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Vision Screening and Eye Exams for Adults

Overview

If you know that you are not at risk for eye disease and you don't have signs of vision problems, get a complete eye examination to check for eye disease and vision problems: footnote 1

  • At least every 10 years if you are age 19 to 40.
  • At least every 5 years if you are age 41 to 55.
  • At least every 3 years if you are age 56 to 65.
  • At least every 2 years if you are over age 65.

Your eye doctor may also suggest that you get examinations more often just to check for refractive errors, such as nearsightedness or farsightedness.

If you are at risk for or have signs of eye disease, such as glaucoma or age-related macular degeneration, you may need complete eye examinations more often.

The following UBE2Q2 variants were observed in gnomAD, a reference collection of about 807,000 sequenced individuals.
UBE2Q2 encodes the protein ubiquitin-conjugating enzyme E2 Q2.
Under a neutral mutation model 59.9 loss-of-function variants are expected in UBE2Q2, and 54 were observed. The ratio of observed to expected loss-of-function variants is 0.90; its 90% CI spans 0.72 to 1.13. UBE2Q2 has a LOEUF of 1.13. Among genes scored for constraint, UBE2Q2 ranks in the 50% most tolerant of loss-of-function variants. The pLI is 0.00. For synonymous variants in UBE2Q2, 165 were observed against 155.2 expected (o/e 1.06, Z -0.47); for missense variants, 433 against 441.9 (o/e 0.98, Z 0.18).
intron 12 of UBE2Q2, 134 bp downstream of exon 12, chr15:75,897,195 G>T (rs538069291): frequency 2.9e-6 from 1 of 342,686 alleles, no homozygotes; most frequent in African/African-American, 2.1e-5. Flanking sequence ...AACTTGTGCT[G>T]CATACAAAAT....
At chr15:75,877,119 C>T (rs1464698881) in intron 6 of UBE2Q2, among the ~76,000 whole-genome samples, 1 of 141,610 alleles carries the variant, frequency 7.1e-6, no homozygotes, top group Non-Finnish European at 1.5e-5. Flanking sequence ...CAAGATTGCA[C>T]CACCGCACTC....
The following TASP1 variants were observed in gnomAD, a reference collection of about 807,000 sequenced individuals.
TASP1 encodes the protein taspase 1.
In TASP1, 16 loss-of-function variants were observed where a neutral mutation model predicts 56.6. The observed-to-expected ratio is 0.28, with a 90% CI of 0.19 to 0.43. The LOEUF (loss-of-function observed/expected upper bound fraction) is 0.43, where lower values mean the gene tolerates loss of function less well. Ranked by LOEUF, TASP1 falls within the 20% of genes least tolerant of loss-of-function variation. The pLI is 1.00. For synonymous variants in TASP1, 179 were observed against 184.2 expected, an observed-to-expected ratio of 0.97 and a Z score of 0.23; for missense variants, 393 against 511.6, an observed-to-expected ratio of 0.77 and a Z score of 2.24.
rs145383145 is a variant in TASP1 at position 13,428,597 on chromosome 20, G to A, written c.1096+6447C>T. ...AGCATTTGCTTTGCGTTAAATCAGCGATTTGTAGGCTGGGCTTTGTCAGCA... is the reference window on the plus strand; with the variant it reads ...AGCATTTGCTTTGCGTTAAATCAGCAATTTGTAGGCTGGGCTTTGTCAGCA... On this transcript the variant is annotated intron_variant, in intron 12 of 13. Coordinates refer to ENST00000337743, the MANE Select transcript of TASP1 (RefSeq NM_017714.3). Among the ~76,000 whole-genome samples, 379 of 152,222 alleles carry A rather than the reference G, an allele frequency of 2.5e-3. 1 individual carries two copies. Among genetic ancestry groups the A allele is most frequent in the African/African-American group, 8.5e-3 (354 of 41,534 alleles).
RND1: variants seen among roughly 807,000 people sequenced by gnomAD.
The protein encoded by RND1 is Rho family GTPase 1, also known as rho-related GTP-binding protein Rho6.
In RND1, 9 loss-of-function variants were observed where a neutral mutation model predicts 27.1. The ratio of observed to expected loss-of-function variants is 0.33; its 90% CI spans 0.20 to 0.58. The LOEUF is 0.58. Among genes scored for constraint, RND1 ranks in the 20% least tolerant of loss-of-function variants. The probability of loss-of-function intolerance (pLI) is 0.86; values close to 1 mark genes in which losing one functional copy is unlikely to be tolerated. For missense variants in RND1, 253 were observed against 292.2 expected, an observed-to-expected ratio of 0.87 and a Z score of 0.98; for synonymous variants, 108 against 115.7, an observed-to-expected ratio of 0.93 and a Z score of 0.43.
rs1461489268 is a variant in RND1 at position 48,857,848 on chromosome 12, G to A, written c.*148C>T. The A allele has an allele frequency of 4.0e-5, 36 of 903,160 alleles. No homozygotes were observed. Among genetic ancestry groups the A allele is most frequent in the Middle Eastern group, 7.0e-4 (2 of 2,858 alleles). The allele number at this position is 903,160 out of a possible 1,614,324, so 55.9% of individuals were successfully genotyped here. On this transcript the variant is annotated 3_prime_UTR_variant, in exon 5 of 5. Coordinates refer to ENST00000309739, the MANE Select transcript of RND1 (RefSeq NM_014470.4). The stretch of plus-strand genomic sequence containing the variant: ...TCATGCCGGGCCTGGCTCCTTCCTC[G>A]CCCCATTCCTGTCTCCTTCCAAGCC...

For people who have diabetes, experts recommend a yearly eye examination. If you have no signs of diabetic retinopathy, your doctor may recommend less frequent eye examinations.footnote 2

References

Citations

  1. Canadian Ophthalmological Society (2007). Canadian Ophthalmological Society evidence-based clinical practice guidelines for the periodic eye examination in adults in Canada. Canadian Journal of Ophthalmology, 42 (1): 39–45. DOI: 10.1139/i06-126e. Accessed July 19, 2020.
  2. Diabetes Canada Clinical Practice Guidelines Expert Committee, et al. (2018). Retinopathy. Canadian Journal of Diabetes, 42(Suppl 1): S210–S216. DOI: 10.1016/j.jcjd.2017.10.027. Accessed October 15, 2018.

Credits

Current as of: October 12, 2022

Author: Healthwise Staff
Medical Review:
Kathleen Romito MD - Family Medicine
Adam Husney MD - Family Medicine

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